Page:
An Interpretation of Sia’s “Elastic Heart” Music Video

A twelve year old girl and a twenty eight year old man are not the typical love interest pairing for music videos, but Maddie Ziegler, a “Dance Moms” star, and actor Shia LaBeof are the focal point of Sia’s hit song, “Elastic Heart”. The presumed love-scorned lyrics, “And I wanted it, I wanted it bad/ But there were so many red flags/Now another one bites the dust/Yeah, let’s be clear, I’ll trust no one”, helped send this heartbreak hit to the tops of various music charts. With its release date in the beginning of October, “Elastic Heart” appeared to be the perfect song to encapsulate the remorse of summer romances that went sour, the dreaded return back to school, and the changing weather. After “Chandelier”, it was safe to say that Sia had secured another top billing song. But the recent video release with LaBeof sporting nude spandex shorts and Ziegler in a nude leotard whilst performing an emotional dance routine caught viewers around the world off-guard. With more than 80 million views on YouTube, Sia’s video has sparked countless Facebook and twitter outcries and has been the topic of many conversations. The most vocalized response that has met Sia’s art is that the video is believed to have strong undertones of pedophilia due to the age difference of the performers, their attire, and the alleged risqué choreography.

As an admirer of a diverse array of art, especially provocative art, I interpreted her piece in a very different way. Like the other portion of viewers that have been defending Sia, I understand the video to be a display of a very painful father-daughter dynamic. The steel birdcage seems to symbolize the physical housing as well as the emotional binding of their relationship. The outrage and out lashing display by Ziegler in comparison to LaBeof’s recoiled fearfulness indicates unreconciled issues and a loss of parental authority and/or trust. To me, the video and lyrics paint a picture of parental substance abuse. The daughter is battling for the attention of her father. She has let his decisions turn her concern into pure hatred. The father continues to try and reclaim authority. But instead he remains broken. LaBeof climbing to the top of the cage symbolizes the desire to get away and to not face reality. The viewer is shown a loving paternal moment when he tries to lay next to her and see her as someone familiar again. The moment when the daughter manipulates the father’s facial expressions towards the end left me feeling as though she was trying to remember how her father used to be, as well as remind him of a different time. Lastly, when she is able to leave the cage and is trying to bring him with her, it’s as though the daughter feels she has cured him and that leaving will enable them to leave their troubles in the past. The father, being unable to leave, gives the impression that some people can’t be healed.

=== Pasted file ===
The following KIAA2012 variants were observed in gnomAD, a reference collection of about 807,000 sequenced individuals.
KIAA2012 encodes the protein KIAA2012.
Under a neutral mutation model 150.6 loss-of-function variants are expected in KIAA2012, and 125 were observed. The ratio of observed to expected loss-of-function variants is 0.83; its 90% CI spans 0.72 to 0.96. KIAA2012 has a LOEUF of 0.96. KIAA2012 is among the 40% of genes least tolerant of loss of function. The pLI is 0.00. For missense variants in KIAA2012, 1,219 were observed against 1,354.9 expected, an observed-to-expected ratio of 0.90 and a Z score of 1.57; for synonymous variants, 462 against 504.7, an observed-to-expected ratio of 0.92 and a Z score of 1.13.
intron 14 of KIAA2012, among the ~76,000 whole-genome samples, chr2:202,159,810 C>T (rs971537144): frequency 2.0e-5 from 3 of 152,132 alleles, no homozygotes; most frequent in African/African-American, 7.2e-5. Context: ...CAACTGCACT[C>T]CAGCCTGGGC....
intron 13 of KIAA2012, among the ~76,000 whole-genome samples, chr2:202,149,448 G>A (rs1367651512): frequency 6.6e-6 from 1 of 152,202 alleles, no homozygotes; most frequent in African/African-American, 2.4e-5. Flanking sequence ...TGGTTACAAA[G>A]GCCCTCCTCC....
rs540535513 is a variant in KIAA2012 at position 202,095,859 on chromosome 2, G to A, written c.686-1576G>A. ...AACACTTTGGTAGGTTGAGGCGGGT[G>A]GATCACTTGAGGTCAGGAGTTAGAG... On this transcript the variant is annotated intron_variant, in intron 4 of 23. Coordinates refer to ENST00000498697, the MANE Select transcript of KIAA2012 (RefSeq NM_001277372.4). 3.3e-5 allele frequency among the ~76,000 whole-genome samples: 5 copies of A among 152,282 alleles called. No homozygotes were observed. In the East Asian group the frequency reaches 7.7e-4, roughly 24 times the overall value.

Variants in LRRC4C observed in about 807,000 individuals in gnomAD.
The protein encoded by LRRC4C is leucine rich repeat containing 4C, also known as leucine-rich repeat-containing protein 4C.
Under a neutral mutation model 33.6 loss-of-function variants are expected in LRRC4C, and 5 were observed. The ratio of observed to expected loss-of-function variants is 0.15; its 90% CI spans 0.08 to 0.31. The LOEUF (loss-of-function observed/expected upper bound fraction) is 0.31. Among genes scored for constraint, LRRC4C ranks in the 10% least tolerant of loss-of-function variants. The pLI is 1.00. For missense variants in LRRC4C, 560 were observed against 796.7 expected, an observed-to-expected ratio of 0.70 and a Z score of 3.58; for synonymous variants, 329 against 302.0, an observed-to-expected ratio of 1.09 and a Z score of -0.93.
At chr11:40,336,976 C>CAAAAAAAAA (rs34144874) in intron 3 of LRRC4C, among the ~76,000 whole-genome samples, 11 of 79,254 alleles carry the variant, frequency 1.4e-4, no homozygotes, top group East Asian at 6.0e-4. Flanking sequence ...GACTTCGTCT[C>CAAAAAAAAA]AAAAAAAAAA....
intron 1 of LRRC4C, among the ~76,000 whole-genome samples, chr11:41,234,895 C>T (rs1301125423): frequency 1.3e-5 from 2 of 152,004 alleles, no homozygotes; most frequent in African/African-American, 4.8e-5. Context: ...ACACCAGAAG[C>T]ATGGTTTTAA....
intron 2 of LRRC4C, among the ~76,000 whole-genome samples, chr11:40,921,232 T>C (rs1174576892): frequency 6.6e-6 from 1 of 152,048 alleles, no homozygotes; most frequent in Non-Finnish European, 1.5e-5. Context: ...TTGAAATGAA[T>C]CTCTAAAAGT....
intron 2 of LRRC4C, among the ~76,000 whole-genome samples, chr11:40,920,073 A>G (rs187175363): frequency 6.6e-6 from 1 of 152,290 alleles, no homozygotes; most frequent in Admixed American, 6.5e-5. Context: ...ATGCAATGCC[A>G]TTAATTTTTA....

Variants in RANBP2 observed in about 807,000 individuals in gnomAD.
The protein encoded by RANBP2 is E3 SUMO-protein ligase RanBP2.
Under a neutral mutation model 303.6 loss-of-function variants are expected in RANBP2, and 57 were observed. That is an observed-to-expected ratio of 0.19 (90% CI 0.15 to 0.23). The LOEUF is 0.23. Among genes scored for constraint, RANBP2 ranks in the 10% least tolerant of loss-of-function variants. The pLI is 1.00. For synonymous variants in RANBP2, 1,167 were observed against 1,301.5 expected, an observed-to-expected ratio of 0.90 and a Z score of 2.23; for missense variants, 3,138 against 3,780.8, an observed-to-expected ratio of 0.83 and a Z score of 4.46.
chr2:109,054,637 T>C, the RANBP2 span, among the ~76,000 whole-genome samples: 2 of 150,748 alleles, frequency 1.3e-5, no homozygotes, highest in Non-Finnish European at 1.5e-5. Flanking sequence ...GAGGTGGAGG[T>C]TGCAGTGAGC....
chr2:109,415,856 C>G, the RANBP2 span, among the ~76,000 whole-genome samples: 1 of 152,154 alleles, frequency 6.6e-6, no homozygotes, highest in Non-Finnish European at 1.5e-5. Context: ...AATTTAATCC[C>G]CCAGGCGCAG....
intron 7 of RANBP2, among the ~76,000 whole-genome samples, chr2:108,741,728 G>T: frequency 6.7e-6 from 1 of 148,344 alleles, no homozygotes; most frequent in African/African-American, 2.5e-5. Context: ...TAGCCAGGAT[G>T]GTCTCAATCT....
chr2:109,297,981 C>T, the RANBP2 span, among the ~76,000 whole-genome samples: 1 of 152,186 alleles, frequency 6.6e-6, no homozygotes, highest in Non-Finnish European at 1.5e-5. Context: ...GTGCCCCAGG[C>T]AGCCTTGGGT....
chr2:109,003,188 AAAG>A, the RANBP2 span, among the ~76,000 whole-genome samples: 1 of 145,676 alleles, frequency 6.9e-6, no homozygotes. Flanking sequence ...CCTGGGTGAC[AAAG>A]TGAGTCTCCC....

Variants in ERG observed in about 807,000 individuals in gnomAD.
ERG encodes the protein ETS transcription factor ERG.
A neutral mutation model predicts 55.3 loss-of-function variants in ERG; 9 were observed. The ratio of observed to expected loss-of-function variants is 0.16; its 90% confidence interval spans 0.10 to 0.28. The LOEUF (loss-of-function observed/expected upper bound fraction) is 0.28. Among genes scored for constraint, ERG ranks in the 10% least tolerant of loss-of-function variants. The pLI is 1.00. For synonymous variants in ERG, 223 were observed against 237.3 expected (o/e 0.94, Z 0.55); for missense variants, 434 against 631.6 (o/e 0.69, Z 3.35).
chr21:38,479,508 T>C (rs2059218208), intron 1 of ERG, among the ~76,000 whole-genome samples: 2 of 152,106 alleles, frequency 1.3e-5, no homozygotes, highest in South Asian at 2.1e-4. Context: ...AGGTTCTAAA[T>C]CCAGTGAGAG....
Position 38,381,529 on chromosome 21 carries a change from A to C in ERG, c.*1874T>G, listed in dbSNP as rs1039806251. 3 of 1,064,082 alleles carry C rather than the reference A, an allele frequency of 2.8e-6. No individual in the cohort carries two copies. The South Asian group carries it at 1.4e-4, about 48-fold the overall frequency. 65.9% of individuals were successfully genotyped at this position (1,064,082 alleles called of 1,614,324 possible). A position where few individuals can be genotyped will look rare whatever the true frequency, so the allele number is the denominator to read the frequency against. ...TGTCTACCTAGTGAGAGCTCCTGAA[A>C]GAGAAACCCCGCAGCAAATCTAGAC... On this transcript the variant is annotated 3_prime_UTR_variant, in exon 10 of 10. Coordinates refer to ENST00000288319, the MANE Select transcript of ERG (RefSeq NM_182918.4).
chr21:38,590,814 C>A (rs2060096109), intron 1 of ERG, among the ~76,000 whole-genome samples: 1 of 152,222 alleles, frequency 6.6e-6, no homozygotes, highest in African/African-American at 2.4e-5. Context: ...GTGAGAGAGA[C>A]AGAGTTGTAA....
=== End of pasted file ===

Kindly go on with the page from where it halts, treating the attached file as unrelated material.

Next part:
Many people believe that the video is an artistic interpretation of the effects of mental illness. A variety of blogs and posts share the same sentiments that Sia’s video is themed around addiction and/or mental illness. The blog Tamara Tattles reveals that both “Chandelier” and “Elastic Heart” were made in honor of difficult times in the artist’s life. Sia’s apology via Twitter, “I apologize to those who feel triggered by #ElasticHeart My intention was to create some emotional content, not to upset anybody”, denotes that she is not necessarily denying that the video is about an inappropriate child/parent dynamic, but is apologetic for triggering pain it might be causing. In all, I value and appreciate this raw piece of work and I found it very interesting.

-Lulu Moyo Hawkes

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